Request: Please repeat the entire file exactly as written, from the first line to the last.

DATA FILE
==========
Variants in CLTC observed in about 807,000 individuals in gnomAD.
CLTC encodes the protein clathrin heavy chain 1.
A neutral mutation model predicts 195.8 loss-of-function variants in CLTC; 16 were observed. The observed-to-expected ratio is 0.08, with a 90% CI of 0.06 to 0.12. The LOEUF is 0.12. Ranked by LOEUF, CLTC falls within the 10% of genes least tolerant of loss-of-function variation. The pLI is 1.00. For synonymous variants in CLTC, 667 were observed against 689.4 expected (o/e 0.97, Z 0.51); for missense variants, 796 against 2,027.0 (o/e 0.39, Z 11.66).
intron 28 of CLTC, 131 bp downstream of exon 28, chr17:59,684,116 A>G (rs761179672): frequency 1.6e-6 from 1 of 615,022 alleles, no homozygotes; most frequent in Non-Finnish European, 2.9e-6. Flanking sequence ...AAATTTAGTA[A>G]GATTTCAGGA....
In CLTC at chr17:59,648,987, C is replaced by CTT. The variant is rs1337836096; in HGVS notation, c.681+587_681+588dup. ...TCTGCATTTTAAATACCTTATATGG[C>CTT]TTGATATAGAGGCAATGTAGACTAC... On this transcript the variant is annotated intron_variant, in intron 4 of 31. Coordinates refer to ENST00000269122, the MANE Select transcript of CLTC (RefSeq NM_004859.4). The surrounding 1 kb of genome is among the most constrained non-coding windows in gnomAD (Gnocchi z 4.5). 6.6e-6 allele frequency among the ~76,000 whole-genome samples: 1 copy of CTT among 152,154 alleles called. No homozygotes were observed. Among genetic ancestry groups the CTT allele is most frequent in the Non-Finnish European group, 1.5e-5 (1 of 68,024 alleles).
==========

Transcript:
Variants in CLTC observed in about 807,000 individuals in gnomAD.
CLTC encodes the protein clathrin heavy chain 1.
A neutral mutation model predicts 195.8 loss-of-function variants in CLTC; 16 were observed. The observed-to-expected ratio is 0.08, with a 90% CI of 0.06 to 0.12. The LOEUF is 0.12. Ranked by LOEUF, CLTC falls within the 10% of genes least tolerant of loss-of-function variation. The pLI is 1.00. For synonymous variants in CLTC, 667 were observed against 689.4 expected (o/e 0.97, Z 0.51); for missense variants, 796 against 2,027.0 (o/e 0.39, Z 11.66).
intron 28 of CLTC, 131 bp downstream of exon 28, chr17:59,684,116 A>G (rs761179672): frequency 1.6e-6 from 1 of 615,022 alleles, no homozygotes; most frequent in Non-Finnish European, 2.9e-6. Flanking sequence ...AAATTTAGTA[A>G]GATTTCAGGA....
In CLTC at chr17:59,648,987, C is replaced by CTT. The variant is rs1337836096; in HGVS notation, c.681+587_681+588dup. ...TCTGCATTTTAAATACCTTATATGG[C>CTT]TTGATATAGAGGCAATGTAGACTAC... On this transcript the variant is annotated intron_variant, in intron 4 of 31. Coordinates refer to ENST00000269122, the MANE Select transcript of CLTC (RefSeq NM_004859.4). The surrounding 1 kb of genome is among the most constrained non-coding windows in gnomAD (Gnocchi z 4.5). 6.6e-6 allele frequency among the ~76,000 whole-genome samples: 1 copy of CTT among 152,154 alleles called. No homozygotes were observed. Among genetic ancestry groups the CTT allele is most frequent in the Non-Finnish European group, 1.5e-5 (1 of 68,024 alleles).